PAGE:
TVNZ 8 Feb 2012A new report into childcare in New Zealand is calling for an overhaul of the system to provide more support for “undervalued” mothers. The report, Who Cares, commissioned by the family group Family First NZ, was prepared by UK psychologist Dr Aric Sigman, an associate fellow of the British Psychological Society. He argues that attending daycare for an extended time, and the consequent separation from parents, is a significant source of stress for many young children which could have potential long-term consequences for their health as adults. “There is growing evidence of profound beneficial neurobiological effects a mother’s physical presence has on her young child that cannot be achieved by anyone else, including paid childcare workers,” he said. “Mothers have been undervalued. New Zealand should undergo a timely and long overdue re-evaluation of motherhood.” Among his recommendations, Sigman says paid parental leave should be extended to allow parents more time with their children, and the Government’s preference for childcare facilities should be scrapped in favour of providing more help for stay at home mums and dads. “Terms, such as ‘family-friendly policies’, ‘flexi-hours’ and ‘maternity leave’ often amount to meeting the needs of the parent and the economy, not the child,” he said. Family First is welcoming the report, saying it provides important insight into the value of early childhood education – a service the Government has invested heavily in. “This report provides compelling evidence that the political and policy focus has been on the needs of the economy and the demands on mothers, rather than on the welfare of children and the vital role of parents,” National Director Bob McCoskrie said.http://tvnz.co.nz/national-news/mothers-undervalued-childcare-contribution-4713949 Peter Reynolds (Early Childhood Council CEO) looks at the report into childcare of the Children’s Commissioner. (Gives it a B- !!)http://tvnz.co.nz/national-news/mothers-undervalued-childcare-contribution-4713949/video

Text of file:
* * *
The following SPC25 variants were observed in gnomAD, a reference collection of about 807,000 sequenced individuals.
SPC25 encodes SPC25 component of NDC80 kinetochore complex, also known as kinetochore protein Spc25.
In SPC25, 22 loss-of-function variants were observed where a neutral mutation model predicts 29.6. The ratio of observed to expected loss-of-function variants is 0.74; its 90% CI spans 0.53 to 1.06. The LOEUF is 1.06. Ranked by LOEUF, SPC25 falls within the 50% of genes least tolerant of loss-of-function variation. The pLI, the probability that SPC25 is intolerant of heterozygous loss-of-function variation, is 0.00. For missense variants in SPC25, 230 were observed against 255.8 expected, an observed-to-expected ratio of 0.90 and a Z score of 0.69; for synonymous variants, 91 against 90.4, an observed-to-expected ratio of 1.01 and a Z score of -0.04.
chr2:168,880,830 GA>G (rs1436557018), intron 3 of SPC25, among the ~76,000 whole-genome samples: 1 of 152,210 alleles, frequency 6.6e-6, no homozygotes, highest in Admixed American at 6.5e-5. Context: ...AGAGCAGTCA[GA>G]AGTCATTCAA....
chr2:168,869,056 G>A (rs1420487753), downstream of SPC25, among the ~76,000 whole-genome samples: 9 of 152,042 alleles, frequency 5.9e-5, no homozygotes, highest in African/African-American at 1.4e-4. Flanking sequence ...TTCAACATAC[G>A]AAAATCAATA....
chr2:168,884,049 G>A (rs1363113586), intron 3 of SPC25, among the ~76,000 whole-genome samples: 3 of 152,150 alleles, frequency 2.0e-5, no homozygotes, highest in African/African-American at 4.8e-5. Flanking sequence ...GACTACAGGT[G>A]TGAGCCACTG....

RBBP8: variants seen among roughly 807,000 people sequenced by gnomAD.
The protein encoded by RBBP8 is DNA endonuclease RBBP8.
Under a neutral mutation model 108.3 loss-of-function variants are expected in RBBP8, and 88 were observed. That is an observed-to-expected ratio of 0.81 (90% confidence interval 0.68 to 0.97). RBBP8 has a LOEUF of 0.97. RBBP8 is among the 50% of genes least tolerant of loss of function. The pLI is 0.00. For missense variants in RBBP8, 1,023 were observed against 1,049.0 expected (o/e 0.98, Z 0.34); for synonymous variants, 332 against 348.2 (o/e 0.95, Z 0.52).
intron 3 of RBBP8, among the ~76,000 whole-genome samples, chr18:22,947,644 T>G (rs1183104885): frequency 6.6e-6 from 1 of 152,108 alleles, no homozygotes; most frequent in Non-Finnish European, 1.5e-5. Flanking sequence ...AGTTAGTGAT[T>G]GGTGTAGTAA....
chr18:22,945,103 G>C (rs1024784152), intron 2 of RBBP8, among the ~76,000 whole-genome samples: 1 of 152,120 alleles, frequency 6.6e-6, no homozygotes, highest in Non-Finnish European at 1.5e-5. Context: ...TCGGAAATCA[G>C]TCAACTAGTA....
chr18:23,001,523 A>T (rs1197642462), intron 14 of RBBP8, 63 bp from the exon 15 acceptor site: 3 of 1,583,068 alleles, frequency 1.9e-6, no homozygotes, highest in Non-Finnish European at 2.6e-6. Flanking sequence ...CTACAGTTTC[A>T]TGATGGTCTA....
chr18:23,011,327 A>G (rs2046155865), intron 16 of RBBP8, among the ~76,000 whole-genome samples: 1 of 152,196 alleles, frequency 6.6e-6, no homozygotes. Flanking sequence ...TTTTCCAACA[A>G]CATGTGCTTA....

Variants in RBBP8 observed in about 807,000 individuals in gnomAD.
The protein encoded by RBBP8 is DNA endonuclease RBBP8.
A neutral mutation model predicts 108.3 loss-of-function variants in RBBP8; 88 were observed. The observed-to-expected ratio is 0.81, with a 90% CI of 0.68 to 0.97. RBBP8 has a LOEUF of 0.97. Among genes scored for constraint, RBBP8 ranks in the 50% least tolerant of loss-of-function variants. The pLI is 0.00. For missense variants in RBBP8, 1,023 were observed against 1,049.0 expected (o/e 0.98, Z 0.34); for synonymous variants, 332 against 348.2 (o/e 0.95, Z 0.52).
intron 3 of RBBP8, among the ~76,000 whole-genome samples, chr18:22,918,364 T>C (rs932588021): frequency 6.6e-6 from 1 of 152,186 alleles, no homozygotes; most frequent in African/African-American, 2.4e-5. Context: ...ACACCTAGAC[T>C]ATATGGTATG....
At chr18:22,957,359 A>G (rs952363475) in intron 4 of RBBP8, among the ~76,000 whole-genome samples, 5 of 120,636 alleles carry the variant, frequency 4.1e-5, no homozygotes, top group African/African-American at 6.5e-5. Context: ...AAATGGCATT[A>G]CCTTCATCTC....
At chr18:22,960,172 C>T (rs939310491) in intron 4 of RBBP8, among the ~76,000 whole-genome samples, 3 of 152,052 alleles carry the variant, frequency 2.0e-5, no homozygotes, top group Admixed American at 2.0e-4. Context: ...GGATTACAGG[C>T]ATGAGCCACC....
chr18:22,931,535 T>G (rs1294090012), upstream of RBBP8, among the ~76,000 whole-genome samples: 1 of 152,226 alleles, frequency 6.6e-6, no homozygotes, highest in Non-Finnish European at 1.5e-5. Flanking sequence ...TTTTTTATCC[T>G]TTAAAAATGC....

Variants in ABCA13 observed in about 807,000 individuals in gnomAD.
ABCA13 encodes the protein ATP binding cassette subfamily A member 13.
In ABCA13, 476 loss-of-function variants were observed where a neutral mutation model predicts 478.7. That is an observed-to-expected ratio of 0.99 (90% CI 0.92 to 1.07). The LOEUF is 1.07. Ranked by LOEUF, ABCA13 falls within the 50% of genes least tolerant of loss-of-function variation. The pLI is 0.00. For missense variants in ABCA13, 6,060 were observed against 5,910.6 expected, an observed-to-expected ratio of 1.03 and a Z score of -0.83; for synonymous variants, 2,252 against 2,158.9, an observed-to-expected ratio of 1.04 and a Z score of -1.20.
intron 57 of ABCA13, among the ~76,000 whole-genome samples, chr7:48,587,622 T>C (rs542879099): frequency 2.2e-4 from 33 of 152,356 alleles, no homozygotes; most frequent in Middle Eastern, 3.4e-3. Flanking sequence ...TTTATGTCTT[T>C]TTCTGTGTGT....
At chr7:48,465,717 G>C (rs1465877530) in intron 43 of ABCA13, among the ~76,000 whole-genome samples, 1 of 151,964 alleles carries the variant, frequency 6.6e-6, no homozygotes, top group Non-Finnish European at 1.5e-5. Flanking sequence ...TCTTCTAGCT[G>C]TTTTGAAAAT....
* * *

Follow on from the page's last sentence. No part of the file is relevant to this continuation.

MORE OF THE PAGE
June 15, 2017 Police Blotter061517 Batesville Police Blotter061517 Decatur County EMS Report061517 Decatur County Fire Report061517 Decatur County Jail Report061517 Decatur County Law Report